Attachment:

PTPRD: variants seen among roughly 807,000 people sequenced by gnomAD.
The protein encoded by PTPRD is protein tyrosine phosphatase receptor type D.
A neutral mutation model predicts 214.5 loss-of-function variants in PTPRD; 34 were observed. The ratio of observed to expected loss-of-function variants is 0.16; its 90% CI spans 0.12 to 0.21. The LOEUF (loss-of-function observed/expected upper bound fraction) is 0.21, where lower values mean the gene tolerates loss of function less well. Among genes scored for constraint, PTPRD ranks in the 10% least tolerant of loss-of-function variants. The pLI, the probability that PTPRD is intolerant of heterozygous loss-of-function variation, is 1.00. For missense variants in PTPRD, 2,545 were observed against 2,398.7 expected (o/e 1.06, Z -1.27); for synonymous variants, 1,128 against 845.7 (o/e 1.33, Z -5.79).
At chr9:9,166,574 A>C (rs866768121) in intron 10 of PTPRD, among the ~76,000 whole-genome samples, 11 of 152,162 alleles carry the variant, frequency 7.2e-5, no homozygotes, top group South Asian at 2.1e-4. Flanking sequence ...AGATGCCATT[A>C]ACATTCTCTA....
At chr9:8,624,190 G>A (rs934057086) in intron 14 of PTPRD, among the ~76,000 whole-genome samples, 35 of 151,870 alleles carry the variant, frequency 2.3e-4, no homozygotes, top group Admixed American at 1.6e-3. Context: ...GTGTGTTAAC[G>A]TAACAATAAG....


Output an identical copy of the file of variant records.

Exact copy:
PTPRD: variants seen among roughly 807,000 people sequenced by gnomAD.
The protein encoded by PTPRD is protein tyrosine phosphatase receptor type D.
A neutral mutation model predicts 214.5 loss-of-function variants in PTPRD; 34 were observed. The ratio of observed to expected loss-of-function variants is 0.16; its 90% CI spans 0.12 to 0.21. The LOEUF (loss-of-function observed/expected upper bound fraction) is 0.21, where lower values mean the gene tolerates loss of function less well. Among genes scored for constraint, PTPRD ranks in the 10% least tolerant of loss-of-function variants. The pLI, the probability that PTPRD is intolerant of heterozygous loss-of-function variation, is 1.00. For missense variants in PTPRD, 2,545 were observed against 2,398.7 expected (o/e 1.06, Z -1.27); for synonymous variants, 1,128 against 845.7 (o/e 1.33, Z -5.79).
At chr9:9,166,574 A>C (rs866768121) in intron 10 of PTPRD, among the ~76,000 whole-genome samples, 11 of 152,162 alleles carry the variant, frequency 7.2e-5, no homozygotes, top group South Asian at 2.1e-4. Flanking sequence ...AGATGCCATT[A>C]ACATTCTCTA....
At chr9:8,624,190 G>A (rs934057086) in intron 14 of PTPRD, among the ~76,000 whole-genome samples, 35 of 151,870 alleles carry the variant, frequency 2.3e-4, no homozygotes, top group Admixed American at 1.6e-3. Context: ...GTGTGTTAAC[G>A]TAACAATAAG....